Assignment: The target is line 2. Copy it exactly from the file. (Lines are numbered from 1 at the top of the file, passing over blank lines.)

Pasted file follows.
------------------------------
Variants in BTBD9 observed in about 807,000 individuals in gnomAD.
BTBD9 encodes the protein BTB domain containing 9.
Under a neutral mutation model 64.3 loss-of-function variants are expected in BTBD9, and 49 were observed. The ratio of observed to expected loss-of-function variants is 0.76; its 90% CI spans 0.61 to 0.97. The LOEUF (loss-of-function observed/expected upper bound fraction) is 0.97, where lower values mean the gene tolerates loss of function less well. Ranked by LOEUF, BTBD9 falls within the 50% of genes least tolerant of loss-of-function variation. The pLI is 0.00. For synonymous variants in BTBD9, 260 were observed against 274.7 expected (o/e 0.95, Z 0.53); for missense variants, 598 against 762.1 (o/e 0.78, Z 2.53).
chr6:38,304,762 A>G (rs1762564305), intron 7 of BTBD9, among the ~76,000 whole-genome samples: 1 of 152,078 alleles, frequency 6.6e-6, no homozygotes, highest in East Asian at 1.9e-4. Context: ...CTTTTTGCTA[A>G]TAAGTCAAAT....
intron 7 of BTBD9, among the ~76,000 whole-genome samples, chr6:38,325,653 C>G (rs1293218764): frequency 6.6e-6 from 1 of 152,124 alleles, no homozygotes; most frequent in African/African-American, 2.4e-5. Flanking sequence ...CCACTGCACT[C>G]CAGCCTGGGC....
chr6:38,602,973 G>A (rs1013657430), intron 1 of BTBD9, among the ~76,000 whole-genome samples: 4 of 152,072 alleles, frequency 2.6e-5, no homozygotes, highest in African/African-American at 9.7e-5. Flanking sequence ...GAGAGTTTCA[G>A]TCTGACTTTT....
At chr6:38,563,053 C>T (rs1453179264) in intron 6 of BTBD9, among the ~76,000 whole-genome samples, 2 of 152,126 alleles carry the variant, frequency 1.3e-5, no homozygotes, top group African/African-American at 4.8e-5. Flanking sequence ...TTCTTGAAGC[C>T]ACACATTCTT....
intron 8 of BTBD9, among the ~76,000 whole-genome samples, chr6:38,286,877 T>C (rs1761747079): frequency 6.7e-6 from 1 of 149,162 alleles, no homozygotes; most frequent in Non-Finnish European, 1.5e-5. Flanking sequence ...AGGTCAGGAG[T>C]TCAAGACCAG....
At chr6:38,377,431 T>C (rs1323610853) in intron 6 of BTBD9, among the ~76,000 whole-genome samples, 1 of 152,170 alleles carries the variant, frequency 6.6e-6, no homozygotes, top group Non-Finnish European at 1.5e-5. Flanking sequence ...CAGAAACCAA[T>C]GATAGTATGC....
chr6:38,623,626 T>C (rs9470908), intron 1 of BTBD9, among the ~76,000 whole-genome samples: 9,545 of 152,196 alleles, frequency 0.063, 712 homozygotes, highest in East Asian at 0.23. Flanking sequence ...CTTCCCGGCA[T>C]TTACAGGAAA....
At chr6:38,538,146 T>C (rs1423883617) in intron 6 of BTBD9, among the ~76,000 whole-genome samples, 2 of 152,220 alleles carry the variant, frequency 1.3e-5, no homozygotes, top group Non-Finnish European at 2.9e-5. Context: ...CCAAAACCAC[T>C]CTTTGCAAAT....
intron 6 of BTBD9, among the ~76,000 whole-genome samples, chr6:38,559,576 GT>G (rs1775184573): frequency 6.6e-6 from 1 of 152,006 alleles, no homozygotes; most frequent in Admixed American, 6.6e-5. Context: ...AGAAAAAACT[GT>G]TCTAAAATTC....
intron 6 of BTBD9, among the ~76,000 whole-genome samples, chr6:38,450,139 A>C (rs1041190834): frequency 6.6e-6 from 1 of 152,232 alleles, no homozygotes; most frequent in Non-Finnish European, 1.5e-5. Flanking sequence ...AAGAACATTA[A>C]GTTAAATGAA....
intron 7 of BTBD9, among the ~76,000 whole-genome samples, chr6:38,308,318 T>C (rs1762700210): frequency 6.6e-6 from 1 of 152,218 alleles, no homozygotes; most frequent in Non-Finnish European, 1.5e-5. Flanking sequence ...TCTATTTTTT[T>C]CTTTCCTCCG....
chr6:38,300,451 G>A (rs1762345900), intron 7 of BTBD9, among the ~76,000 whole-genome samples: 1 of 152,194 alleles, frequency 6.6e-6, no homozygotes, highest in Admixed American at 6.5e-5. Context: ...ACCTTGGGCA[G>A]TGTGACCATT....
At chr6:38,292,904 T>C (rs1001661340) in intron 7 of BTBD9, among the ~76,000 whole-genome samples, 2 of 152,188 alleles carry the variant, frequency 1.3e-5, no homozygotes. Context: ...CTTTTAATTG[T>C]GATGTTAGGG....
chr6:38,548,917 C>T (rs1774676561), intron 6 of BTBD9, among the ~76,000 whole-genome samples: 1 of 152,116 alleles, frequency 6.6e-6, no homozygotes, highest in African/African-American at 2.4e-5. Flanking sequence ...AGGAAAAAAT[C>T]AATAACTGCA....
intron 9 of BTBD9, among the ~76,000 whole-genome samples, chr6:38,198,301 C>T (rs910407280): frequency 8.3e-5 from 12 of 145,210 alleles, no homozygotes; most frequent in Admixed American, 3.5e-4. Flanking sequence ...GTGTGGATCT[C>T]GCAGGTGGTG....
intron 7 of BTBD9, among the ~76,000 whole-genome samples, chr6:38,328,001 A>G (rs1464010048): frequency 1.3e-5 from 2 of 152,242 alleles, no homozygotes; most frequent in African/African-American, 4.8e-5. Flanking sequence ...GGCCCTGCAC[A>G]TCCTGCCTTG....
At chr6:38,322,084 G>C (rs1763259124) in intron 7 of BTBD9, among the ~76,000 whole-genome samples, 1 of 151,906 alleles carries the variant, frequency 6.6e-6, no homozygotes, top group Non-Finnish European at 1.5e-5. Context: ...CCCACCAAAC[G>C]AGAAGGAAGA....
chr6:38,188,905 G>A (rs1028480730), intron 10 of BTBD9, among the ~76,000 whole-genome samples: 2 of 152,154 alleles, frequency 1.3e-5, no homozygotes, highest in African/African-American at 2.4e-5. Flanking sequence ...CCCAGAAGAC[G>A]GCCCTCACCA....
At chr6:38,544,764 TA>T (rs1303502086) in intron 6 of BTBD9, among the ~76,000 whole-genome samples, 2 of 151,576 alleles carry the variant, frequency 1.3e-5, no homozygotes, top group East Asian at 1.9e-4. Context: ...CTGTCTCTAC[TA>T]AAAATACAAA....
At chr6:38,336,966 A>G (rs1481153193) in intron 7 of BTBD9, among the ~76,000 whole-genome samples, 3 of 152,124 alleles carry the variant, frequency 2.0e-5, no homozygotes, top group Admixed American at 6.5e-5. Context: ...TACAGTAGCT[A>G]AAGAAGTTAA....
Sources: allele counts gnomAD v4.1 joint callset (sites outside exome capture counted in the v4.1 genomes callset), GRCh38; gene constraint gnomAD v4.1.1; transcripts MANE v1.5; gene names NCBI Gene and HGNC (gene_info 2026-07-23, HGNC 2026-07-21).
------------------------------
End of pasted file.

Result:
BTBD9 encodes the protein BTB domain containing 9.